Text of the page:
Getting back to our island excursion, our first stop was the private Xavier High School, perched on a hill overlooking the sea. This is no ordinary high school - it is known as the "strongest" high school in the world. Literally. Prior to becoming a school, it was the heavily bunkered radio command center for the Japanese fleet stationed in Truk Lagoon. The concrete walls are three feet thick and the window shutters are made of thick steel. The Americans dropped a bomb directly onto the top of the building during the attack on Truk Lagoon, and while the bomb did penetrate the roof, it stopped at that and did not destroy the command center. The huge hole in the exterior roof was repaired, but the damage is still visible from inside the building, 61 years later. See photos.
Next, it was on to the island's old lighthouse, which had also served as a Japanese fortress during the war. All went well until it started to downpour as our van began to ascend the hill. Soon the muddy flows of water caused us to slide off the road. All four of us adults wound up outside in the torrential tropical rain, pushing the vehicle out of the ditch. Once successfully back on the road, our driver suggested we leave the van there and walk the rest of the way. Why not?! We were slathered with mud already, and the weather was so hot that the rain was inviting. The jungle was thick with tropical vegetation, the trails were slippery, and it became an amusing adventure as almost all of us wound up sliding around on our back sides at least once!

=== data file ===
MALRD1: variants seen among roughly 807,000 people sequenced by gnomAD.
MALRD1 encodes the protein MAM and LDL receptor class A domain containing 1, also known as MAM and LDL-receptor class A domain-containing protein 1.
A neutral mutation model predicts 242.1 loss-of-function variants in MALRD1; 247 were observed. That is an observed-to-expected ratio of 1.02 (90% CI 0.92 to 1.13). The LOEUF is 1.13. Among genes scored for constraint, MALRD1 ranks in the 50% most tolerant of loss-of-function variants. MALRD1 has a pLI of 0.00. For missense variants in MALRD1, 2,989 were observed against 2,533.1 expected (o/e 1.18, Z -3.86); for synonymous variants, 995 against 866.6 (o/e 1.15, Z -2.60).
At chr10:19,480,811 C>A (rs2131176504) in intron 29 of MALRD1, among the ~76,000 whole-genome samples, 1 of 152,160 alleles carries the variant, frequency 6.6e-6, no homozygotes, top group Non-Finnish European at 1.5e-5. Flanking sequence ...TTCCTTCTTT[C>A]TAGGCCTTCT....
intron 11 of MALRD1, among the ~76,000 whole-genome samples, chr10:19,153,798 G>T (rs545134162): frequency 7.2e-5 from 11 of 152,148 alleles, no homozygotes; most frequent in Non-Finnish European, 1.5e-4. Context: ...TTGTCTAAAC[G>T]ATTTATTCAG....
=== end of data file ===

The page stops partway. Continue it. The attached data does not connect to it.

Remnants of war were visible on our hike - huge guns, bunkers and then at last the lighthouse, pock-marked from top to bottom with bullet holes.
During our jungle trek we encountered a few friendly island people - most of whom smiled and gave us the peace sign, especially the children. What happened here in 1944 is so part of their history - yet so totally unrelated to their own heritage - that they are raised even today to understand the true value of independence and peace. The Chuukese people were mere pawns during WWII - a primitive people stuck between two world powers as innocent victims on their own turf. It was all quite moving.
We returned to the hotel covered with mud, drenched clothes, sweat and scratches from the dense jungle foliage...but also with a much bigger understanding. This, combined with our undersea explorations of Truk Lagoon, was one of the experiences you wouldn't trade for the world on a world adventure like ours.